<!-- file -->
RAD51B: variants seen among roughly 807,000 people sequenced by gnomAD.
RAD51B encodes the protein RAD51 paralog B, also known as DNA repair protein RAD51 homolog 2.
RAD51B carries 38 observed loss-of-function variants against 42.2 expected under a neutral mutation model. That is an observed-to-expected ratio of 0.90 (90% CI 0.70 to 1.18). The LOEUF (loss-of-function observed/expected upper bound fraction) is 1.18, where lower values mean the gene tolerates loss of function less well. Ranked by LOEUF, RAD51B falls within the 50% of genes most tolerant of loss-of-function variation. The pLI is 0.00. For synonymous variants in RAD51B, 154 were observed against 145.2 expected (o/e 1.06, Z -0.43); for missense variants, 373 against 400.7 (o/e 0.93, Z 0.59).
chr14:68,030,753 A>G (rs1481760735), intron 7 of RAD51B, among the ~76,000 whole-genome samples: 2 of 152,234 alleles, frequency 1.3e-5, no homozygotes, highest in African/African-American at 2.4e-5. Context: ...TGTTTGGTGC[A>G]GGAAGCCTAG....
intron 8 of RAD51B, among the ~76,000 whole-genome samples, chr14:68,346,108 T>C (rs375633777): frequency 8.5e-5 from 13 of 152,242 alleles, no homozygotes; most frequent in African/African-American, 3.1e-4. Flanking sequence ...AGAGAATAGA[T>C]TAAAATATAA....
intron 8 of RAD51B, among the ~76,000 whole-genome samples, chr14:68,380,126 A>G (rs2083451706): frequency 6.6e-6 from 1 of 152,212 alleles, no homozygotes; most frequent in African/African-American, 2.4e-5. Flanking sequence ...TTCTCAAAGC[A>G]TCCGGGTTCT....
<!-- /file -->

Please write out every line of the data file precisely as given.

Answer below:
RAD51B: variants seen among roughly 807,000 people sequenced by gnomAD.
RAD51B encodes the protein RAD51 paralog B, also known as DNA repair protein RAD51 homolog 2.
RAD51B carries 38 observed loss-of-function variants against 42.2 expected under a neutral mutation model. That is an observed-to-expected ratio of 0.90 (90% CI 0.70 to 1.18). The LOEUF (loss-of-function observed/expected upper bound fraction) is 1.18, where lower values mean the gene tolerates loss of function less well. Ranked by LOEUF, RAD51B falls within the 50% of genes most tolerant of loss-of-function variation. The pLI is 0.00. For synonymous variants in RAD51B, 154 were observed against 145.2 expected (o/e 1.06, Z -0.43); for missense variants, 373 against 400.7 (o/e 0.93, Z 0.59).
chr14:68,030,753 A>G (rs1481760735), intron 7 of RAD51B, among the ~76,000 whole-genome samples: 2 of 152,234 alleles, frequency 1.3e-5, no homozygotes, highest in African/African-American at 2.4e-5. Context: ...TGTTTGGTGC[A>G]GGAAGCCTAG....
intron 8 of RAD51B, among the ~76,000 whole-genome samples, chr14:68,346,108 T>C (rs375633777): frequency 8.5e-5 from 13 of 152,242 alleles, no homozygotes; most frequent in African/African-American, 3.1e-4. Flanking sequence ...AGAGAATAGA[T>C]TAAAATATAA....
intron 8 of RAD51B, among the ~76,000 whole-genome samples, chr14:68,380,126 A>G (rs2083451706): frequency 6.6e-6 from 1 of 152,212 alleles, no homozygotes; most frequent in African/African-American, 2.4e-5. Flanking sequence ...TTCTCAAAGC[A>G]TCCGGGTTCT....